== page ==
Christofferson's gripping novels of medical suspense have drawn favorable comparisons to the work of Michael Crichton and Robin Cook. Now she returns with a page-turning thriller that explores the cutting edge of medicineand murder.
It is a new crime for a new century. Biopiracy: the theft of the healing secrets of isolated, indigenous peoples. Rapacious pharmaceutical companies swoop down on remote Third World tribes, steal their folk medicine, native cures, and even human blood, then reap tremendous profits from the patents.
Dr. Jake Scully doesn't want to think that his employer, Genchrom, is exploiting anyone, let alone killing natives for the unique properties of their DNA, but when he tries to blow the whistle on the company's criminal activities, he places his own lifeand his familyin danger.
|Publisher:||Tom Doherty Associates|
|Edition description:||First Edition|
|Product dimensions:||4.22(w) x 6.71(h) x 1.17(d)|
About the Author
April Christofferson, an attorney with a background in biotechnology, lives in Seattle with her family. She holds an undergraduate degree in biology and did graduate work in veterinary medicine.
Read an Excerpt
Patent To Kill
By April Christofferson
Tom Doherty AssociatesCopyright © 2003 April Christofferson
All rights reserved.
As the Mexican sunlight inched its way across the floor's red tiles, Jake Skully reached for his wife, Ana. Even half-asleep, the thought of making love to Ana before they got up for work had him fully aroused.
They would have to be quiet, and quick. The boys had begun waking before the alarm.
But the cool, unruffled sheet that greeted Jake's groping hand cruelly shattered his sleep-induced amnesia.
Jake bolted upright and swung his legs over the side of the bed, sweat beading on his face. As the now familiar black dread once again encompassed him, he dropped his head into his hands and moaned like a wounded animal.
Ana was gone.
Reaching for the clock that sat on the bedside table, Jake turned the alarm off and threw back the single cotton sheet covering him. He went to the bedroom door and peered across the still darkened hallway into the room in which his two sons slept. The older of the two, Michael, lay facing Jake, his back pressed to the wall to accommodate his little brother, Antony, who had crawled in bed with him sometime after Jake tucked them both in the night before.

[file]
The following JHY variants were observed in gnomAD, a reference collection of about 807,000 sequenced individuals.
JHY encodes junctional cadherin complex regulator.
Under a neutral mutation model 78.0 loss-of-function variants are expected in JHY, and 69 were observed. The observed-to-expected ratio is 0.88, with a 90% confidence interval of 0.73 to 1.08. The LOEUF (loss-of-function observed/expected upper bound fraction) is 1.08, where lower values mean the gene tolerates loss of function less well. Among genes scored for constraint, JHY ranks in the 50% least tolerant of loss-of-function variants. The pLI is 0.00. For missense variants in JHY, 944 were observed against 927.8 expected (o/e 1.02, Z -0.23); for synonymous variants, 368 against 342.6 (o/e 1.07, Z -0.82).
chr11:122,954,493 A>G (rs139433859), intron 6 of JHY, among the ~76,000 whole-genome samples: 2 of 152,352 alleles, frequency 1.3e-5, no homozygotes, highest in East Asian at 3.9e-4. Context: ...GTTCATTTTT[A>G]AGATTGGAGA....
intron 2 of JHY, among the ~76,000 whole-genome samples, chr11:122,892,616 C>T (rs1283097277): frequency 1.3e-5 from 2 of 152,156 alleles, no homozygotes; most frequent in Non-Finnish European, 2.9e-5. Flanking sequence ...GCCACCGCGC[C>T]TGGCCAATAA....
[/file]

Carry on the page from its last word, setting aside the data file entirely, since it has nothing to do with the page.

Reassured by the sight of his boys, Jake pushed the door shut silently, grabbed the terry cloth robe hanging on the back of it and headed for the cordless telephone on the bedside table. Slipping into the robe and knotting it loosely around his trim waist, he picked up the phone and punched in the number he'd memorized.
"Policia," a female voice answered.
"Sergeant de Santos," Jake said impatiently.
Jake paced frantically while he waited. It took almost ten minutes for a familiar voice to come on the line.
"Sargento de Santos."
"It's about time," Jake said impatiently. "This is Jake Skully. What news do you have?" The pause was short but noticeable.
"Buenos dias, Dr. Skully. No, we have no news on your wife. At least, nothing that would be news to you."
Jake stopped in his tracks.
"What do you mean?"
De Santos ignored the question.
"As I've told you many times, you will be notified the moment my investigators turn up something."
"What are your investigators doing?" Jake's grip on the phone tightened. "How can a well-known physician just disappear? Someone had to have seen something. It was the middle of the day when she left to meet her friends. Your men are bungling this. How many of them do you have on my wife's case?"
De Santos cleared his throat.
"More than I should. Your wife is not the only missing person in the city of Nogales, Doctor."
"What about those names I gave you? The list of her patients? Have you checked them out? My wife had just treated someone from the Guerrero drug cartel. He'd come in with a gunshot wound and told her not to report it."
"And did she?" de Santos asked. "Did she report it to the authorities?"
"Of course not. Ana knew better than to cross the cartel. She's treated them before. But maybe this time they decided not to take any chances." He ran his free hand through his disheveled hair as his pacing quickened. "They had something to do with her disappearance. I'm certain of it."
"Perhaps you should look a little closer to home."
Jake stopped dead in his tracks.
"What the hell does that mean?"
"Maybe your wife chose to disappear."